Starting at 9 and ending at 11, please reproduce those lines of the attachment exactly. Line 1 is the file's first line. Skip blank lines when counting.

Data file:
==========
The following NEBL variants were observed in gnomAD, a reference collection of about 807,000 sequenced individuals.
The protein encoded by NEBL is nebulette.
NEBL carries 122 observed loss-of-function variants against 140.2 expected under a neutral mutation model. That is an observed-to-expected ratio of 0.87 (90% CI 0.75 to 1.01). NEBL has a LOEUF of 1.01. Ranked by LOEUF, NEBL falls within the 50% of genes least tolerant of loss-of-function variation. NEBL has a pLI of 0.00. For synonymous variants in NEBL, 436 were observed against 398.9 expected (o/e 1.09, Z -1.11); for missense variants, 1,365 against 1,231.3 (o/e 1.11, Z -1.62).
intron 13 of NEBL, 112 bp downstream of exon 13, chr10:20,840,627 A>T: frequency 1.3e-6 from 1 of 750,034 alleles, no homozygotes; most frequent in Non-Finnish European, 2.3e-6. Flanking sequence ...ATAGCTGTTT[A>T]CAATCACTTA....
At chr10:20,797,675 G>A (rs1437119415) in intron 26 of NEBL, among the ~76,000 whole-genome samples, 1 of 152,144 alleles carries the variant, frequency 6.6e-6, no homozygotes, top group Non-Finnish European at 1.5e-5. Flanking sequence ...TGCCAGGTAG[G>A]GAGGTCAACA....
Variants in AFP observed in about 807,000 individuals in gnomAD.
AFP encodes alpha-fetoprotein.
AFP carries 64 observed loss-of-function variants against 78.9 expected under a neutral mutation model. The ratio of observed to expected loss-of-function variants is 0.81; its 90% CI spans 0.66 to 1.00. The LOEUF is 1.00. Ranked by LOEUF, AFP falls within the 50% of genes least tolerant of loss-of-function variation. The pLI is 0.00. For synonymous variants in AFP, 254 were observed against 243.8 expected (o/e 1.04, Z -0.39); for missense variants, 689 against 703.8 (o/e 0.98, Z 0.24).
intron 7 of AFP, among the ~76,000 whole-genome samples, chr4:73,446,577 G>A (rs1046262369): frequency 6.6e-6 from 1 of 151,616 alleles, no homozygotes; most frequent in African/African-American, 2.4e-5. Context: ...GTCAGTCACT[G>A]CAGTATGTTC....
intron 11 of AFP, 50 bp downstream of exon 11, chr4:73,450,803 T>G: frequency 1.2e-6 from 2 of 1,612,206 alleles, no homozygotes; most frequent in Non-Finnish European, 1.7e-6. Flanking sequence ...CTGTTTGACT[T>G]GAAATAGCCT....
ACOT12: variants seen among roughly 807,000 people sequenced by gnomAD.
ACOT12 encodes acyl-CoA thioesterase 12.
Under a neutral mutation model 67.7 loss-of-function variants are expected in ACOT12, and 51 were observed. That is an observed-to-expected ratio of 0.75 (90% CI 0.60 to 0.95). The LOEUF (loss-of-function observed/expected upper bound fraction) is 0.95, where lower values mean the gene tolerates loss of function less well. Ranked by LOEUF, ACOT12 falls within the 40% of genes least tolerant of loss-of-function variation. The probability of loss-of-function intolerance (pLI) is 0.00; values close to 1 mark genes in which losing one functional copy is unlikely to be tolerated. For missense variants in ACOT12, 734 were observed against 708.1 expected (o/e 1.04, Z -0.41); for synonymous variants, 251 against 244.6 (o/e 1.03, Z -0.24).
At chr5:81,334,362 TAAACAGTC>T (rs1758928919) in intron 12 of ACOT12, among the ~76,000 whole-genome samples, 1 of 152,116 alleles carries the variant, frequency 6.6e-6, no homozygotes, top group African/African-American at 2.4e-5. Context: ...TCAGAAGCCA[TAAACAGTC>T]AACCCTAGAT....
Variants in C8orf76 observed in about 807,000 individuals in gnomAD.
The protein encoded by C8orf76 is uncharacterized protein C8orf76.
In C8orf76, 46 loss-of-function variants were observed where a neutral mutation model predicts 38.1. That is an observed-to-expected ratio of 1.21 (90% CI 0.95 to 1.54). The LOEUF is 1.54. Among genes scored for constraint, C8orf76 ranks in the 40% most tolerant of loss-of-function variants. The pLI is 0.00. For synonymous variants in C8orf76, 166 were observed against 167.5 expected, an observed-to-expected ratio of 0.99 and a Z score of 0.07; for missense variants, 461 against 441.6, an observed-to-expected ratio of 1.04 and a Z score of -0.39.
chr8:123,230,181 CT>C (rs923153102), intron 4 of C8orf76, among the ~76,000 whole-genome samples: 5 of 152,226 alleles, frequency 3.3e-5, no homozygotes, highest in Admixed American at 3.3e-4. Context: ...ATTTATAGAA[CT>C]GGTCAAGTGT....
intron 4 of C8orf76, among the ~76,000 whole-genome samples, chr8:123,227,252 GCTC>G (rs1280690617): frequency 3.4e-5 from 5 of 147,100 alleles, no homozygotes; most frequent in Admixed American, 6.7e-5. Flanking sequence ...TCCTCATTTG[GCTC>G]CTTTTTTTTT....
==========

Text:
intron 7 of AFP, among the ~76,000 whole-genome samples, chr4:73,446,577 G>A (rs1046262369): frequency 6.6e-6 from 1 of 151,616 alleles, no homozygotes; most frequent in African/African-American, 2.4e-5. Context: ...GTCAGTCACT[G>A]CAGTATGTTC....
intron 11 of AFP, 50 bp downstream of exon 11, chr4:73,450,803 T>G: frequency 1.2e-6 from 2 of 1,612,206 alleles, no homozygotes; most frequent in Non-Finnish European, 1.7e-6. Flanking sequence ...CTGTTTGACT[T>G]GAAATAGCCT....
ACOT12: variants seen among roughly 807,000 people sequenced by gnomAD.